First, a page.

Fiberight discussed for solid-waste management


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A proposed agreement between Iowa City officials and a waste-management company sparked environmental concerns in Iowa City residents at the Iowa City City Council meeting Tuesday night.

City officials proposed an initial agreement at the meeting to have Fiberight — a company that converts waste into ethanol — serve as the preferred contractor for solid-waste management in Iowa City. Iowa City’s solid waste is currently handled at the Landfill. If Fiberight receives a contract with Iowa City, waste will still enter the Landfill, but some will be converted from waste into ethanol.
The proposition met much opposition.

“This is anything but sustainable,” said Mike Carberry, the director of Green State Solutions. “This is a very bad and dirty process for the environment, and I don’t think the city of Iowa City should have anything to do with it.”

Nearly a dozen community members at the meeting expressed firm resistance toward Fiberight’s potential work in Iowa City, citing environmental concerns. All of these concerns have drawn more controversy than common ground on the issue.

Despite community opposition, the council voted 6-1 to move forward into the initial negotiation stages. Councilor Jim Throgmorton casted the sole dissenting vote.

Rick Fosse, the director of Iowa City Public Works, presented the recommendation to the council on Tuesday. Fosse said he thinks Fiberight would be a sustainable approach to Iowa City’s waste management.

“It’s an opportunity to significantly reduce what’s going into our Landfill,” he said. “… So in the long term, it will not only extend the life of the Landfill, but it will reduce methane-gas production at the Landfill.”

Fosse said if the city plans to move forward with Fiberight, caution would be taken throughout the process.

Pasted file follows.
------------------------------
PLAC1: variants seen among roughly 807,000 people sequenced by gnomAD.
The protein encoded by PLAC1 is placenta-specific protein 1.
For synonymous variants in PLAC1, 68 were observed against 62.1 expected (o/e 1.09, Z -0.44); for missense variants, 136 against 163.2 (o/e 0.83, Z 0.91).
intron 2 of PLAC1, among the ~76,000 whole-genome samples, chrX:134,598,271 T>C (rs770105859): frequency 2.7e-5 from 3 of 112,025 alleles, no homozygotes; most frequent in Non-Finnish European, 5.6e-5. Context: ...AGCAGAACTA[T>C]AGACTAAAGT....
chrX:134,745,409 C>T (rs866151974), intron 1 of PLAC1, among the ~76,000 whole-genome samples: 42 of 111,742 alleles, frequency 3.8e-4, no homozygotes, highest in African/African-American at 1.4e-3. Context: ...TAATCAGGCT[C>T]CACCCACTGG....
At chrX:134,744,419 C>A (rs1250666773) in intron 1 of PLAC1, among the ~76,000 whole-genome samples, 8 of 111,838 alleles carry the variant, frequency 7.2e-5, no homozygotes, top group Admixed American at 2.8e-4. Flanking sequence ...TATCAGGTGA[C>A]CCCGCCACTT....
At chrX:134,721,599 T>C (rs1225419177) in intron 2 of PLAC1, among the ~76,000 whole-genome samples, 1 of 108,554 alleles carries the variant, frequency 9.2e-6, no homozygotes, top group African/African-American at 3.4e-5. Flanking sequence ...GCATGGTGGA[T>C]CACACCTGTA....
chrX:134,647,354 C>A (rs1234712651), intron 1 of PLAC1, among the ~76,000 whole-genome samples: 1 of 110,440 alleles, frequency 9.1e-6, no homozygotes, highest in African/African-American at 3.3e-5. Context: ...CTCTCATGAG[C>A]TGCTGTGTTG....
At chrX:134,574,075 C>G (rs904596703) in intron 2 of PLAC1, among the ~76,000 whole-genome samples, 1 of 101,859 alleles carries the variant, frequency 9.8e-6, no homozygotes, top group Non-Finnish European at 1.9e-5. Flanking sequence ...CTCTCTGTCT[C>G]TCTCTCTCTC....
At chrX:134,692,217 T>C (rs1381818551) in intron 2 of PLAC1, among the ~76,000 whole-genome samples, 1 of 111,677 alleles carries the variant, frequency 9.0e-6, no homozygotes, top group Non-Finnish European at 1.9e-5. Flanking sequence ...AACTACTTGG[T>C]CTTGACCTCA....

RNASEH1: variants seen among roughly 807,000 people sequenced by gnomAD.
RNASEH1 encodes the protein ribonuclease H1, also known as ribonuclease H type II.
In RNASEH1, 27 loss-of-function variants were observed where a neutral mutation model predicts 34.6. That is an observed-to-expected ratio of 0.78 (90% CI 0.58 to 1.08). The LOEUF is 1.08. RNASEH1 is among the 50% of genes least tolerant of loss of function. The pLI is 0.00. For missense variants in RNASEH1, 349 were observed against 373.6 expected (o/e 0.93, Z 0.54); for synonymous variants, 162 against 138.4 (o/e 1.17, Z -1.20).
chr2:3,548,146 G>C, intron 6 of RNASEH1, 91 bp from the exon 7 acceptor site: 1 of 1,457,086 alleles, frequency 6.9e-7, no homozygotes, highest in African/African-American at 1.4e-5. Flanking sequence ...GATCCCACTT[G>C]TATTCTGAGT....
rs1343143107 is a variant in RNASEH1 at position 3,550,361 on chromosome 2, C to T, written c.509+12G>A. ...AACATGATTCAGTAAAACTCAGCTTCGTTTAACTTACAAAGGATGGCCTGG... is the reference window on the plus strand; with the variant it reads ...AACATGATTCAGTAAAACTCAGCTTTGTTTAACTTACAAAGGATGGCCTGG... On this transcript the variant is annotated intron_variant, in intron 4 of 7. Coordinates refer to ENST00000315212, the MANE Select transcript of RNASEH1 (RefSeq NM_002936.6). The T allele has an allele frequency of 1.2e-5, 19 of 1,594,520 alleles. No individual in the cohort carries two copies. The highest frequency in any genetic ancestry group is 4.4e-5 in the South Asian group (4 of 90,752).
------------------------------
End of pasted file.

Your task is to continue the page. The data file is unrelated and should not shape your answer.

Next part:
“This is a relatively new thing nationwide,” Fosse said. “There’s a number of different technologies that are working toward a better end for municipal solid waste, and Fiberight is one of the first to bring that to a commercial scale.”

Fosse said city officials would make sure all risks are assessed and contingencies are in place to mitigate risks if they do occur.

Fiberight CEO Craig Stuart-Paul said right now, the company has been the only organization to conduct research on the process, but third parties have reviewed those findings.

Stuart-Paul said Fiberight intends to communicate throughout the process with both city officials and community members.

“We have proposed to the city that in the coming months we will hold a series of meeting at City Hall, and we will share with people our information,” he said. “We’re going to demonstrate to people that we have the capital and commitment to pull this off.”

Stuart-Paul said the allegations had no merit, and Fiberight officials were surprised by the push-back from Iowa City residents.

“We were absolutely surprised by this … it’s incumbent on us to make sure that we get the right information out,” he said. “We have a significant environmental benefit over burying trash.”

Jennifer Jordan, the city’s recycling coordinator, said the discussion about Fiberight, although controversial, has brought to light a larger discussion about the need for a more sustainable waste program.

“I’m really glad that the community is having this conversation,” she said. “We ‘landfill’ about 115,000 tons of trash each year, and about 75 percent of that could have either been recycled or composted.”

Jordan said that right now, there are more unanswered questions than answered ones, so the city will look for further input from Fiberight during these upcoming negotiations.

“The public comments [Tuesday] night were spot-on, I think, because questions like those that are going to help us find out if this is our solution or if there is a better one,” Jordan said.

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